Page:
Inside The World’s Toughest Prisons: The Truth About Brandvlei Correctional Centre
In terms of prison stories, there’s I Am a Fugitive from a Chain Gang (1932), starring Paul Muni, and Cool Hand Luke (1967), with Paul Newman (now streaming on Netflix), and the ever-referenced TheShawshank Redemption (1994), based on a Stephen King short story, with Tim Robbins and Morgan Freeman sharing the screen. And, of course, the seven seasons of Orange is the New Black on Netflix. While Fugitive and Orange are based more or less on true stories, the other two are fiction, though no less powerful in their parables about unconquered human spirit. And speaking of prison stories and Netflix, the fifth season of Inside the World’s Toughest Prisons recently dropped on the streaming service, a documentary series examining the culture of incarceration in various locales around the world.
Raphael Rowe is the host with the background for the job: He spent 12 years in prison in Great Britain, falsely convicted of murder. As the BBC reports, he studied journalism during his incarceration, and after he was exonerated he became a broadcast journalist, first in radio, then television. He took over hosting duties for World’s Toughest Prisons with its second season.
Raphael Rowe spent a week in South Africa's Brandvlei Correctional Centre
One prison investigated in the new season’s offerings is Brandvlei Correctional Centre in South Africa. The episode is titled “South Africa: The Numbers Gang Prison,” and reveals a prison culture where in many ways, the inmates are in charge of life — and death.
Brandvlei has three sections, says IOL — juvenile, medium security, and maximum security. The numbers refer to the names of street gangs. When those gang members are arrested, they trade their street allegiance for a prison numbered gang allegiance, Rowe explains. Brandvlei, he says, is “a prison dominated by the numbers gangs.” He spent a week in the prison as an inmate, and somehow survived as an outsider in terms of “these gangs that run these prisons.”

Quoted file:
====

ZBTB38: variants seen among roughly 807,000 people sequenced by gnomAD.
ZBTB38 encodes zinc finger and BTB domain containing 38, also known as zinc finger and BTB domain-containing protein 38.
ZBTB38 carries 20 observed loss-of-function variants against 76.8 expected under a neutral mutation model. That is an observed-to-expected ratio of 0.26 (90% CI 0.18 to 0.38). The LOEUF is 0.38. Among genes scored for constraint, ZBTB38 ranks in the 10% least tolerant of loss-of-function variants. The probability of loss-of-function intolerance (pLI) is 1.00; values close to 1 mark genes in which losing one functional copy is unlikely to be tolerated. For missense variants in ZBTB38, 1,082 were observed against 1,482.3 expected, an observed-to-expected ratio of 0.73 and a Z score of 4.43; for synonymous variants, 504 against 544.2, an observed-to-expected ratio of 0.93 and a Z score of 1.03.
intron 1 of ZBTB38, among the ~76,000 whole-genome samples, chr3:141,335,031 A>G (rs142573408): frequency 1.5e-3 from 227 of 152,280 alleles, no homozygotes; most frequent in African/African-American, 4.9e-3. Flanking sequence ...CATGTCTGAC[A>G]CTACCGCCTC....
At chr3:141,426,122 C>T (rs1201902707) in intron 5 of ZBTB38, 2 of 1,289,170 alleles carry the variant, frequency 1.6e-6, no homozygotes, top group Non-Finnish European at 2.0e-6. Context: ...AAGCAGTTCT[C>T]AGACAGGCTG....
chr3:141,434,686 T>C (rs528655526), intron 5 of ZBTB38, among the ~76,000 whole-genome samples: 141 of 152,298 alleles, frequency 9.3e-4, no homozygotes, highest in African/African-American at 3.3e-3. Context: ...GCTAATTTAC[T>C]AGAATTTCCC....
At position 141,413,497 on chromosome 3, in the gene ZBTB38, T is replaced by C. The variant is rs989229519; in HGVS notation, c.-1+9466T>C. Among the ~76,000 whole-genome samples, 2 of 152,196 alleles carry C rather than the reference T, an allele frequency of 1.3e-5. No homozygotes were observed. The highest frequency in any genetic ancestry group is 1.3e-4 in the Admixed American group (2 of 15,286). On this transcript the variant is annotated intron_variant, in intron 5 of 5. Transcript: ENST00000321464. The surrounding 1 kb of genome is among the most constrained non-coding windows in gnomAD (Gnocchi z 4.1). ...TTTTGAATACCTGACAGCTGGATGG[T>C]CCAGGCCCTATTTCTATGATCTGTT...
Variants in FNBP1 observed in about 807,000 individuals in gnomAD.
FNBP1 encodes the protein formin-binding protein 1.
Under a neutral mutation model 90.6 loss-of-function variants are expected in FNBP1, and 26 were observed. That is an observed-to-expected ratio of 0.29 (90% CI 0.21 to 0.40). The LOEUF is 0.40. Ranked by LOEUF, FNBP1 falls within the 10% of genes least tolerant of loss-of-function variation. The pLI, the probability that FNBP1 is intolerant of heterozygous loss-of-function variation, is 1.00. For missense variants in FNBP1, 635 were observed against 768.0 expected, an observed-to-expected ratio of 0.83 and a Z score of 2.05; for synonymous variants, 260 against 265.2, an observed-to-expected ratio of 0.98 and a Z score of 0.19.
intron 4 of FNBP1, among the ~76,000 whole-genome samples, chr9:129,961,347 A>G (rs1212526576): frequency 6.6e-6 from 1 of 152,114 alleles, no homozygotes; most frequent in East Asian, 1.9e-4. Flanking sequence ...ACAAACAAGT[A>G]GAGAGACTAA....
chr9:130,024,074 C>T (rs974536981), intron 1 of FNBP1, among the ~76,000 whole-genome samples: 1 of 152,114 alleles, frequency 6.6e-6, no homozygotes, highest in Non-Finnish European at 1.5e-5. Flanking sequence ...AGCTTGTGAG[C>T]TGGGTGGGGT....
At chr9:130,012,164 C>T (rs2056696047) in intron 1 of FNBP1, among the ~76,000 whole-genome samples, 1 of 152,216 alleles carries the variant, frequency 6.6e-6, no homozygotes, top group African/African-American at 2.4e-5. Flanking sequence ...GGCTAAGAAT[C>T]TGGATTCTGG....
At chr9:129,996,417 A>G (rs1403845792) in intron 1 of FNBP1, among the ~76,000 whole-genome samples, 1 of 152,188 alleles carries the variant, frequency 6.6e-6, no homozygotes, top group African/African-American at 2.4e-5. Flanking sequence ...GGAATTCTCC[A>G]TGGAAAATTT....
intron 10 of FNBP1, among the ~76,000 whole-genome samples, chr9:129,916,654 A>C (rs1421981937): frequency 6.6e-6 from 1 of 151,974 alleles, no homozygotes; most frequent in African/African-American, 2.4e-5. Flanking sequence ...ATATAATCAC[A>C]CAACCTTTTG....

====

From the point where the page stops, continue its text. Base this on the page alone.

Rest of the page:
As a non-member, Rowe is a “Franz.” The guard who processes his entry says, “My advice to you is … don’t go in there looking afraid … do what [the other prisoners] say.” The prisoners have a code of conduct “that we have no control over.”
“We try our best to stop it, but it’s no use,” another processing guard tells him.
Rowe learns that the prison culture is controlled by gangs
“The staff made it clear that the regime being run in Brandvlei was different … and that they had very little control over how the Numbers gangs operate,” Rowe told The Herald of South Africa (posted at PressReader). Three main gangs “run” the prison: the 26s, 27s, and 28s. Rowe shares a cell with eight inmates from number gangs. “If you don’t make problems, I don’t make problems,” he’s told.
It’s clear that the prison culture is created and enforced by the prisoners themselves, not the corrections officers.
The gangs use their own languages. They have ranks and identifying tattoos beyond the numerals of their affiliation. The hierarchy is clear, and it has little or nothing to do with the prison staff. Rowe is told, “If it were not for The Number [Gang], even the wardens would not have control of the prisons. … We have laws also.” One of those laws: Revenge for a slight by another gang, but that revenge has to be taken by stabbing not a gang member, but a warden — prisoners might stab them “at any moment for no real reason.” Not to mention prisoner-to-prisoner violence. As a result, prisoners spend 23.5 hours of each day in their cells.
This year’s episodes of the Netflix series include examinations of the Manila City Jail and Greenland’s Nuuk Prison.
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